Good luck with your workshop, you'll do great.

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R.T.

answers from Houston on

Depending on the age, the more you involve the 5 senses the better they will learn. Also, they learn best by being curious and being stimulated that way. As a homeschooler with a degree and certification, I have taught in public schools, then became a stay-at-home mom. With 5 students ranging from 12 to 8 months old, it was challenging when we started. When teaching a 6th grader about ecosystems, we made one with a soda bottle, dirt, weeds, slugs and worms. My son was 4 at the time. He became the best lizard, frog catcher in the neighborhood. We built a pond, put in minnows the eat mosquito larvae, and proceeded with butterfly gardens from there. We stopped progress toward birding when my son observed that the birds were eating the Monarch caterpillars. I know, it is part of the ecosystem, but we valued the butterflies over the birds.

Last year in our coop I taught Biology straight from the book with the usual labs, dissections, etc. He aced the class with a perfect score of 100.

I'm sure there's some great ideas out there for all the manipulatives in math, etc.

Praise is a biggie for how well they try and achieve also, but I would consider the "carrot before the horse" discovery method as the best.

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S.J.

answers from Dallas on

For my self, I must have ownership. I must be able to hold the book in my own hands and follow along and HIGHLIGHT significant facts. This has also shown to be extremely beneficial to my 5th grader who is dyslexic. Math, there is nothing better than one on one direction. I talk my son through each step, one by one, but I have him write the answers to each step. After he has completed the math problem, I ask him to explain/teach it to me. This way I am able to hear his strategies and see if there were any areas of communication break down, where he didn't understand and I need to re-teach (reword my reasoning or instructions etc.). Good Luck!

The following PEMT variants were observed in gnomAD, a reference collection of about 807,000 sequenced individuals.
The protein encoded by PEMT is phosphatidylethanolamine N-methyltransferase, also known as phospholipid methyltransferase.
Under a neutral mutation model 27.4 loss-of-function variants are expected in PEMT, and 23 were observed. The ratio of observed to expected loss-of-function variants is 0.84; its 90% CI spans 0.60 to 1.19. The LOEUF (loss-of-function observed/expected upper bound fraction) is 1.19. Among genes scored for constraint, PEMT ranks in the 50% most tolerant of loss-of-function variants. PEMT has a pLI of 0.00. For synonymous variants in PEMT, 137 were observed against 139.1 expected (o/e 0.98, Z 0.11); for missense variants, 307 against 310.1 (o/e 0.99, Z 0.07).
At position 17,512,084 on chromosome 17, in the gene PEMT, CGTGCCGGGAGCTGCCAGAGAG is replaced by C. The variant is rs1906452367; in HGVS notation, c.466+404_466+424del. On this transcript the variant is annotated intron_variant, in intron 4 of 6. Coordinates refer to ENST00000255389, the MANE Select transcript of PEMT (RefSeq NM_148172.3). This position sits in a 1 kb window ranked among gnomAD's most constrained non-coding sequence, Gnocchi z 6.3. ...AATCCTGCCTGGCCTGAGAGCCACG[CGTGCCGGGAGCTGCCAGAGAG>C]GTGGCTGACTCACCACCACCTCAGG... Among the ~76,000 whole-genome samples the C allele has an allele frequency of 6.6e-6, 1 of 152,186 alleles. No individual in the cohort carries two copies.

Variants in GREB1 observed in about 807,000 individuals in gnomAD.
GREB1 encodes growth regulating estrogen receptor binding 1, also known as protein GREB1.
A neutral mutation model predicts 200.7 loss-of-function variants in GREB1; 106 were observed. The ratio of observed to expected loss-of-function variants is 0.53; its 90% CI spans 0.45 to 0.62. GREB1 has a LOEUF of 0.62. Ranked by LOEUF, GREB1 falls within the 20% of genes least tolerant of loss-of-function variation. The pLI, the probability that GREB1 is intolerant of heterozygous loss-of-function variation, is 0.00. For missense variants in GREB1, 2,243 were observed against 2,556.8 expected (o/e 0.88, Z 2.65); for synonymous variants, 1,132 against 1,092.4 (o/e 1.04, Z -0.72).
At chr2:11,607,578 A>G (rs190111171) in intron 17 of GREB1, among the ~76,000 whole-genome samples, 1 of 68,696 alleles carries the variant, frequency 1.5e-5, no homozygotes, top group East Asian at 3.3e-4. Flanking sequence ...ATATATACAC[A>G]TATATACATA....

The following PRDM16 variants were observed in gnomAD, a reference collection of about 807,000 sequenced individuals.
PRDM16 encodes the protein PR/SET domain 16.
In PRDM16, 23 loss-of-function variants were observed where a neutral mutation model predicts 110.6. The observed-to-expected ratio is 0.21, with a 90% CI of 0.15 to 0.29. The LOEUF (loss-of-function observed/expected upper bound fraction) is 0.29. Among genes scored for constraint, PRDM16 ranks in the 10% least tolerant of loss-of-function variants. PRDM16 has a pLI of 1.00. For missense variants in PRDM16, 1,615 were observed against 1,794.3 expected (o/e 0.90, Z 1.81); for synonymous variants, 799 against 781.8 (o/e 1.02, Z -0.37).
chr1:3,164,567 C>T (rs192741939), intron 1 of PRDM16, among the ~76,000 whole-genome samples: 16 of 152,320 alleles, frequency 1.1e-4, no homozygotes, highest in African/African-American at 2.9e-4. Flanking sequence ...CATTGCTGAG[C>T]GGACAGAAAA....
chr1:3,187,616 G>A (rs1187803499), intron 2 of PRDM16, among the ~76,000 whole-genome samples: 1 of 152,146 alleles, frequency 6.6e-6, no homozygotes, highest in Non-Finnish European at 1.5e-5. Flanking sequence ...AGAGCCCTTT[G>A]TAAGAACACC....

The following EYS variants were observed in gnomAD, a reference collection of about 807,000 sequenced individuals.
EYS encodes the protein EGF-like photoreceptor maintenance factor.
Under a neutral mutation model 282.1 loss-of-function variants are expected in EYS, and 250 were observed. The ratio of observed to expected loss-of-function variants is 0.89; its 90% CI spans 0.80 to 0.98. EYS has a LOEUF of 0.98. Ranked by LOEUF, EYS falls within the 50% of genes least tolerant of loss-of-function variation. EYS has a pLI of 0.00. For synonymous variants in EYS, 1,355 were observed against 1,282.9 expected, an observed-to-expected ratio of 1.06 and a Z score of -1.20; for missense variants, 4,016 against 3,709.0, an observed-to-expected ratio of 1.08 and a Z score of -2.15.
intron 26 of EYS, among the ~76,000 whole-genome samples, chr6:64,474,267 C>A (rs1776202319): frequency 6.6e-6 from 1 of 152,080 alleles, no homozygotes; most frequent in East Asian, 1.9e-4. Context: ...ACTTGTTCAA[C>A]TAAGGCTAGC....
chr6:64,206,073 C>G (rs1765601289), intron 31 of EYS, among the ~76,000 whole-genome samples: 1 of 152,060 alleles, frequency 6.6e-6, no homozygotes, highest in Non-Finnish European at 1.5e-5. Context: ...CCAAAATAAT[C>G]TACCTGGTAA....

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M.M.

answers from Dallas on

Good luck with your research :)
After 12 years of teaching I have a few insights to share. I believe children learn best
Children learn when they are intrinsically motivated
Children learn by "doing"
Children learn best when the teaching aligns with their predominent multilple intelligence(ie musical, auditory, tactile)
Children learn best when the instruction is brain based(ie short segments, plenty of water, movement breaks including crossing the midline etc.)
Children learn best when they are in a positive environment where they are comfortable and risk free
Children learn best when they have choices and are partners in decision making
I could go on and on but these are some thoughts to get you started :)

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D.R.

answers from Austin on

Hi, N.!

Remember to mention that some kids are auditory learners, some are visual learners, and some need to move around (kinesthetic). Most people are a combination of one or more of these. In younger children a didactic approach (one person up front teaching) is completely inappropriate. Kids aged 2 to 6 need to learn experientially (by doing).
Most of all, learning should be fun!
And, finally...evryone has their own unique learning style(which makes public school a real challenge for some kids)
Good luck with your workshop!